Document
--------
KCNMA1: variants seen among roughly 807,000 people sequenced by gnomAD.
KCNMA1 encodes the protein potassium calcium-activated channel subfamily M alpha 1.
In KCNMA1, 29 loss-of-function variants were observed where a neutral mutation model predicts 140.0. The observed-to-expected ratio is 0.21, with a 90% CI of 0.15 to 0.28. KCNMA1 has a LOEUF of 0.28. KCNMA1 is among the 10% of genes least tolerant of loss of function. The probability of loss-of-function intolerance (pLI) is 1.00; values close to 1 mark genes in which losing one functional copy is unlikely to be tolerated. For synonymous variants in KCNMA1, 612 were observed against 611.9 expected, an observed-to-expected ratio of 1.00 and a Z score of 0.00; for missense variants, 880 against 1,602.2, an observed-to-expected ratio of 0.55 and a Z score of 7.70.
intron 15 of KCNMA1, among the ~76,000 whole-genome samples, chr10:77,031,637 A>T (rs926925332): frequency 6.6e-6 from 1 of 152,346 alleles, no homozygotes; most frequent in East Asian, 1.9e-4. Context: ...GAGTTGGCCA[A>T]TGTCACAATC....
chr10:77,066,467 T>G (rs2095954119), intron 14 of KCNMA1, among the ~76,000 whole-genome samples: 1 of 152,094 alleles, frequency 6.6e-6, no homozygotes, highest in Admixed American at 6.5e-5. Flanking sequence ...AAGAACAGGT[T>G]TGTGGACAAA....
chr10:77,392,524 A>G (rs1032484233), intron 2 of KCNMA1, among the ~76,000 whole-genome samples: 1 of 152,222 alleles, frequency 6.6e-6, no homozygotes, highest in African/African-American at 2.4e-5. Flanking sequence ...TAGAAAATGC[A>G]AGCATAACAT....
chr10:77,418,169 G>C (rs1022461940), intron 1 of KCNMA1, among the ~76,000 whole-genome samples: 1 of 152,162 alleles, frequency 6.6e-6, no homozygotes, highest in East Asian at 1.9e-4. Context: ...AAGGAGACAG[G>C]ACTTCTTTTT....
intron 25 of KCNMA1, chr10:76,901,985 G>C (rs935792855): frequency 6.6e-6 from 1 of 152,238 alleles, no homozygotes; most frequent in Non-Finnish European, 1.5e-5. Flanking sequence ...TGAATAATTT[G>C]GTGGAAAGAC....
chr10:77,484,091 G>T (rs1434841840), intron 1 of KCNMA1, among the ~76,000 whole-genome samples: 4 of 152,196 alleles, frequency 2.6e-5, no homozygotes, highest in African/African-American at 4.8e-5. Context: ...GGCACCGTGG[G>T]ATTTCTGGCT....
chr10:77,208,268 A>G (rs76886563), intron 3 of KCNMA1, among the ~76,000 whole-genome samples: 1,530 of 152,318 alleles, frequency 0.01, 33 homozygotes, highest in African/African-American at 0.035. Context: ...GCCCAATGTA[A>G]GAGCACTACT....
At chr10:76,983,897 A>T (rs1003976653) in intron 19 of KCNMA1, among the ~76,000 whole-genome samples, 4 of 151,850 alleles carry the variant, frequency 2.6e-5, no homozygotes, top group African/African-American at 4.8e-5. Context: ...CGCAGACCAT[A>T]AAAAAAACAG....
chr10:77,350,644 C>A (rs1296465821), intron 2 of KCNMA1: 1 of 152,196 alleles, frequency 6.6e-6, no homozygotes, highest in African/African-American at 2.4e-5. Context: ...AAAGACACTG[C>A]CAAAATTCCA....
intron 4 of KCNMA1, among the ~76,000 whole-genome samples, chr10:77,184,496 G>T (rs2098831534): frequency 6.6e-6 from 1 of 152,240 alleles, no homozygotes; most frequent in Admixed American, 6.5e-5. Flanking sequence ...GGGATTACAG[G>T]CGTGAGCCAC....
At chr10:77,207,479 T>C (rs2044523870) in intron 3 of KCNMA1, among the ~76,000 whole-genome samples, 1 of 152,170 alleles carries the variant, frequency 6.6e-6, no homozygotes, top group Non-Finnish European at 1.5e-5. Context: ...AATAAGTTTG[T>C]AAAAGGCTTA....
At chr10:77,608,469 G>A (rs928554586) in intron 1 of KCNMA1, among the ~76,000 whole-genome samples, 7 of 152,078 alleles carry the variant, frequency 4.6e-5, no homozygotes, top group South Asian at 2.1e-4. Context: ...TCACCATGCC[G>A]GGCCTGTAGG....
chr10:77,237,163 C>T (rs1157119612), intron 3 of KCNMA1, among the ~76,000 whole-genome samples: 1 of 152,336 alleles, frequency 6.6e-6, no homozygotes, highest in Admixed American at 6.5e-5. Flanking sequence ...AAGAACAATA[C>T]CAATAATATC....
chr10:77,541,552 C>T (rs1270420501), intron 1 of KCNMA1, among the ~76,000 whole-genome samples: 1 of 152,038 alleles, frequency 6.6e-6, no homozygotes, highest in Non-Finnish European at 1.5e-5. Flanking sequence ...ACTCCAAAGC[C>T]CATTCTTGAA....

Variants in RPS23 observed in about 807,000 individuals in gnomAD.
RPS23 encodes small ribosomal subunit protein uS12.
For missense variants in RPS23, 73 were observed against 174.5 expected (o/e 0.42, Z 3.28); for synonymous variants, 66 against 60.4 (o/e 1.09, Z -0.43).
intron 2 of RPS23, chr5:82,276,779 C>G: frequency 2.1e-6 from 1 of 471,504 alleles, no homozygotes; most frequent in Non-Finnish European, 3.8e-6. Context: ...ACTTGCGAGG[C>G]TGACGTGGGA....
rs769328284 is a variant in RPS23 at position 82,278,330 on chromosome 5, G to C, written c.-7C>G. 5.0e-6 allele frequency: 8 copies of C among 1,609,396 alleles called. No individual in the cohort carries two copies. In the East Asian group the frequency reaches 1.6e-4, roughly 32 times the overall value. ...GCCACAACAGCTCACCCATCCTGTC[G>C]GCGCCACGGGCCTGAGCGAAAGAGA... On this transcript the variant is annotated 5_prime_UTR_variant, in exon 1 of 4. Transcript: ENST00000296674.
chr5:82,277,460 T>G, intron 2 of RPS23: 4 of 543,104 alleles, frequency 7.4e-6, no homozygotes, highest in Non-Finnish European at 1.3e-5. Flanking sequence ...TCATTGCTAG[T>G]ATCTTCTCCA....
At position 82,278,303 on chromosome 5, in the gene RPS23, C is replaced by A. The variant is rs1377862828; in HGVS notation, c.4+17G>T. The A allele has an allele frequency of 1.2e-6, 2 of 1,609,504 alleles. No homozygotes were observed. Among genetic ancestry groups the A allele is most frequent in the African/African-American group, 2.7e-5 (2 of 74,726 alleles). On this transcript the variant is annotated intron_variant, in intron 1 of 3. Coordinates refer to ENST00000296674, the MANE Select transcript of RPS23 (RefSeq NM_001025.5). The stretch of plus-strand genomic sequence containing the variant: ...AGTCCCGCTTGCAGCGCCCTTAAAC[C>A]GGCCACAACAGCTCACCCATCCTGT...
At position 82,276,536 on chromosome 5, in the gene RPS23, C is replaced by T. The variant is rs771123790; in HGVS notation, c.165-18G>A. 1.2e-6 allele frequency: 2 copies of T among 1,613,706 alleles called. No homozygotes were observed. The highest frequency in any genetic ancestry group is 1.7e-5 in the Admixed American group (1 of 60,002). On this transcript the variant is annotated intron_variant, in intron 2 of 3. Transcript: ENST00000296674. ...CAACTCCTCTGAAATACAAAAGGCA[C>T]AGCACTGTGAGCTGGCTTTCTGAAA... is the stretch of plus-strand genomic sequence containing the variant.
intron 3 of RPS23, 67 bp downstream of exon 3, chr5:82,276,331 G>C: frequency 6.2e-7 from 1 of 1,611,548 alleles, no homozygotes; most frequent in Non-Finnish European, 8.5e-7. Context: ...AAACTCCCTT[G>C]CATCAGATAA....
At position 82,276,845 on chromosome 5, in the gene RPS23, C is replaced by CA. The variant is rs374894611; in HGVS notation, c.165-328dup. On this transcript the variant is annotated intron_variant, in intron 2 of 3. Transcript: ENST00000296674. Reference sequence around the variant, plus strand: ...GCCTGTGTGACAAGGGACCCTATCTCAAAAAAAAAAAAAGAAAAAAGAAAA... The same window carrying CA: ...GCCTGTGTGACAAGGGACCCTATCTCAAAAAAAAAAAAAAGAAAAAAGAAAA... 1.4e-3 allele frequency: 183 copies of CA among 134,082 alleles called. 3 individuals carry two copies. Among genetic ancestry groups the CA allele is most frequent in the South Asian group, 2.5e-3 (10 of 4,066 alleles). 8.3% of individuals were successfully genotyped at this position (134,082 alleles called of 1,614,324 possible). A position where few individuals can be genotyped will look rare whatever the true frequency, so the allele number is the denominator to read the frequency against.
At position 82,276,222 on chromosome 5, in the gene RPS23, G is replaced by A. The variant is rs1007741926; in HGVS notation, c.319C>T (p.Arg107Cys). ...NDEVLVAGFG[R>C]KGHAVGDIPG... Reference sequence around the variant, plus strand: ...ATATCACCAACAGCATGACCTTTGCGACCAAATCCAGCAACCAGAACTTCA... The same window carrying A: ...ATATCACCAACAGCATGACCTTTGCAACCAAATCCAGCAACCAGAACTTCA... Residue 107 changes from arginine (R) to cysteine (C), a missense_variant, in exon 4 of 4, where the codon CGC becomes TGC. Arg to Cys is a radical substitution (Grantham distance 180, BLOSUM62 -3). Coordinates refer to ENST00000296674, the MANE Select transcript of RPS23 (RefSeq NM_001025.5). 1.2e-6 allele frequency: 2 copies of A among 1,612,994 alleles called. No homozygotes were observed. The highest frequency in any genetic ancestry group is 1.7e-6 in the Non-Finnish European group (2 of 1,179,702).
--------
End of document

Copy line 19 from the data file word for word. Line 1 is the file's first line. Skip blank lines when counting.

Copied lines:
RPS23 encodes small ribosomal subunit protein uS12.